Our survey data shows that 37.9% of companies reported having purchased specific insurance cover for ransomware attacks. Last year, that figure was at 35.7%, indicating that organizations seem to prefer spending their available budget on security upgrades rather than insurance. This is a point we agree on. Ransomware insurance is not a bad idea in theory, however covering ransomware cases involves accounting for the entire operation of the company, and may require certain preventative measures to be taken to qualify for the insurance, which could prove an expensive endeavor overall.
Full 2022 Ransomware Attacks survey results
If you’d like to take a look at the ransomware data, feel free to peruse the survey results here.
About the 2022 Ransomware Attacks survey respondents
Here’s a full breakdown of the survey respondents for full context of the ransomware data above.
How is IT handled in the surveyed organizations?
The three most common IT infrastructures among our respondents were: ‘uses only internal IT resources’ (34.1%), ‘provides IT managed services’ (35.2%) and ‘uses an MSP (Managed Service Provider), IT Consultant, or Value Added Reseller’ (16%). The remaining respondents are split between having ‘a single individual responsible for IT’ (7.4%) and using ‘a shared IT resource’ (7.3%).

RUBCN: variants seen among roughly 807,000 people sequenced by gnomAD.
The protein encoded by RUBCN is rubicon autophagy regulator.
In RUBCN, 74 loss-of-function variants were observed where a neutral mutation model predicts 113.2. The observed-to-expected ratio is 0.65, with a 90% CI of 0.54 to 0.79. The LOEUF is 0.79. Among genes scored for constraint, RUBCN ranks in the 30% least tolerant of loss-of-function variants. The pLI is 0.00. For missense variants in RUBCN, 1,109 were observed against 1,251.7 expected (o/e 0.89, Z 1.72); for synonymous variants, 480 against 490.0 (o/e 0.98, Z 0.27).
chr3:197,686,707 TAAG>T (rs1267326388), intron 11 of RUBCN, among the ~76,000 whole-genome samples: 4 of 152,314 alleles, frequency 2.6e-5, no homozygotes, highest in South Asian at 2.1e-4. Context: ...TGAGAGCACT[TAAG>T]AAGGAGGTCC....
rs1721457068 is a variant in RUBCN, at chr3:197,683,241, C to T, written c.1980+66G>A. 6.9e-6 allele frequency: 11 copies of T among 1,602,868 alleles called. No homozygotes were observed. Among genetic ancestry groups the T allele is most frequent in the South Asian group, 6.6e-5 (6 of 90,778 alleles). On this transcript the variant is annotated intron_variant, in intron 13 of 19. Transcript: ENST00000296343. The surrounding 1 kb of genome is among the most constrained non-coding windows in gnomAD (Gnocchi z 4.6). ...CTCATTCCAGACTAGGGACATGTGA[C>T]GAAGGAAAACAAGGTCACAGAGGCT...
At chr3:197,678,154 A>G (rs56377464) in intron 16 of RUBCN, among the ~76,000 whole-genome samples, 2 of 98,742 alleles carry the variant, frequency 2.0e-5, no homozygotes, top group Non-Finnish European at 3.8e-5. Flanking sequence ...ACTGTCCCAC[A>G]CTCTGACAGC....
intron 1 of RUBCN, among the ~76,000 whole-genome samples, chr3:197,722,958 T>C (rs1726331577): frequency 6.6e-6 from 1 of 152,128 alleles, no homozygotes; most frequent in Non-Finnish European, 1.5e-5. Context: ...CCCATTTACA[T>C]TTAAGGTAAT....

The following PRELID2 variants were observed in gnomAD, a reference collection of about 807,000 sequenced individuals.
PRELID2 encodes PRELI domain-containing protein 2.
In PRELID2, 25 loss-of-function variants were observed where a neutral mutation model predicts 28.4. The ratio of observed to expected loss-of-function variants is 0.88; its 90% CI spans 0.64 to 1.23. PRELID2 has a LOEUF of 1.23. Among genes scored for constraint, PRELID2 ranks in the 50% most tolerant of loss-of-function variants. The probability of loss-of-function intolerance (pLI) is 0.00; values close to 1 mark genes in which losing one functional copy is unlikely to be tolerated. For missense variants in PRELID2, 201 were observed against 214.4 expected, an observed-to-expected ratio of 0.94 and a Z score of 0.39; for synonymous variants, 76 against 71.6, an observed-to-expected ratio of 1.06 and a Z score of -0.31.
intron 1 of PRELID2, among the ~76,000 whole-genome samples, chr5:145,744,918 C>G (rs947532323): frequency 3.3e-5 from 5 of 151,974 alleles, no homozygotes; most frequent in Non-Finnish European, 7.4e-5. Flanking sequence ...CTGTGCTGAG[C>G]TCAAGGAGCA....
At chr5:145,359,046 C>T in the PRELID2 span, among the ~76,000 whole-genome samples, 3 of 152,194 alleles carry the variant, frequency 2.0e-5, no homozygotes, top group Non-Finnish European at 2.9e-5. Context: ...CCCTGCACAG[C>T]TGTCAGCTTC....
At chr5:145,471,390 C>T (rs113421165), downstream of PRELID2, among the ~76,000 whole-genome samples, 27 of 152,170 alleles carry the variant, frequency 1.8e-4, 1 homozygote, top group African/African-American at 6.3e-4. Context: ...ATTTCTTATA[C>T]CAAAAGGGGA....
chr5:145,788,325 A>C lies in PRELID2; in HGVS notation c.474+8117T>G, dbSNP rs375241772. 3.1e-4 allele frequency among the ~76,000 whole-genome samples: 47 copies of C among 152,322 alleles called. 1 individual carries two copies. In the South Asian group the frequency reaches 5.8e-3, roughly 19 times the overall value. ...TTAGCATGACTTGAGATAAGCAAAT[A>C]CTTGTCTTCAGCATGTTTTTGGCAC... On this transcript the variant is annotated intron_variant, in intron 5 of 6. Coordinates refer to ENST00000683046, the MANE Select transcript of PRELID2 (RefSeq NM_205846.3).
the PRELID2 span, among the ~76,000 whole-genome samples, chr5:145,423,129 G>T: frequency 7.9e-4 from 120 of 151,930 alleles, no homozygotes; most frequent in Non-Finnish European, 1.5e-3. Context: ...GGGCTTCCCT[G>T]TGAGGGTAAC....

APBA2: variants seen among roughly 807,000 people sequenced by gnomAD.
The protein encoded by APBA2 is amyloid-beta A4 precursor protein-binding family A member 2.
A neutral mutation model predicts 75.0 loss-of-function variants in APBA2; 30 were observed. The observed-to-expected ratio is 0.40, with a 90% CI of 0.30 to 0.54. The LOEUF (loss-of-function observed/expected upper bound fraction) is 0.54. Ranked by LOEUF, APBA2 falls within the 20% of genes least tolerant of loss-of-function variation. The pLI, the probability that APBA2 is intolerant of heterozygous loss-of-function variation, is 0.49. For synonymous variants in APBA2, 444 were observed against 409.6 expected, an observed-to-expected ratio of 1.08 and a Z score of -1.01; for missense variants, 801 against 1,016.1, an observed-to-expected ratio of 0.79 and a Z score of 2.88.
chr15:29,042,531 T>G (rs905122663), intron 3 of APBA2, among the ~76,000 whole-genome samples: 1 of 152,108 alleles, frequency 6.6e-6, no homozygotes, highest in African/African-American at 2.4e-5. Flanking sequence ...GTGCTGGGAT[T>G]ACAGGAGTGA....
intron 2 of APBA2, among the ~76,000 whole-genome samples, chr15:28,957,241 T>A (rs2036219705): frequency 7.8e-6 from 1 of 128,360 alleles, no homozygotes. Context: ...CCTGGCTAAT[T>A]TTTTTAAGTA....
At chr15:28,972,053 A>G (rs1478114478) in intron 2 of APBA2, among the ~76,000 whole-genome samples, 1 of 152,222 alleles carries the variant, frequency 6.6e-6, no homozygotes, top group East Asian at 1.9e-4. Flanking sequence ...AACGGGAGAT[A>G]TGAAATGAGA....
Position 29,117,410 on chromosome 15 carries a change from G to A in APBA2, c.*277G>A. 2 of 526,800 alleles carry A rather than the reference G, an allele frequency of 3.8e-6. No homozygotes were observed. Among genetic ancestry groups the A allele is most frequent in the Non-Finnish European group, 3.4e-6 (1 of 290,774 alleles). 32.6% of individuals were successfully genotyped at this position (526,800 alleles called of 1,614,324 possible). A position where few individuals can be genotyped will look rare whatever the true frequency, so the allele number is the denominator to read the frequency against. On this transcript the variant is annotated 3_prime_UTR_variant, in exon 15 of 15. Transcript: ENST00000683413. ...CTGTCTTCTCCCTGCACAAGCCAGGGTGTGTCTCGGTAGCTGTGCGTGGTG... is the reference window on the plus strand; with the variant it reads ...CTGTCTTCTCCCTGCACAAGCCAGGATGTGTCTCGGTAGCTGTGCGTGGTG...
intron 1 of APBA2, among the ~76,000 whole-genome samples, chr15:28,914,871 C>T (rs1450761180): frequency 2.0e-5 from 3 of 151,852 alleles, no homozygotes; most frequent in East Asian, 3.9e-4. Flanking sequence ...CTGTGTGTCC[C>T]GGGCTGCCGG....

What is the size of the organization the survey respondents work for by number of employees?
The size of the businesses that our respondents form part of varied between 1-50 (45.9%), 51-200 (20.5%), 201-500 (11.7%), 501-999 (5.9%), and 1,000+ (16%)
How many years of IT experience do the respondents have?
Nearly half (41.3%) reported over 20 years of experience in the field. The rest are split relatively evenly between 16-20 years (15.4%), 10-15 years (16.4%), 6-10 years (13.6%) and 1-5 years (13.4%).Where are respondents based?
Based on the findings of this survey and its relationship to the data from last year’s ransomware data survey, it’s clear that the threat isn’t going anywhere any time soon. The increase in overall incidence rate, and the fact that 1 in 20 IT professionals have experienced a ransomware attack in the last 12 months clearly indicates that organizations need to remain vigilant, especially as they begin to shift their IT infrastructure into the cloud.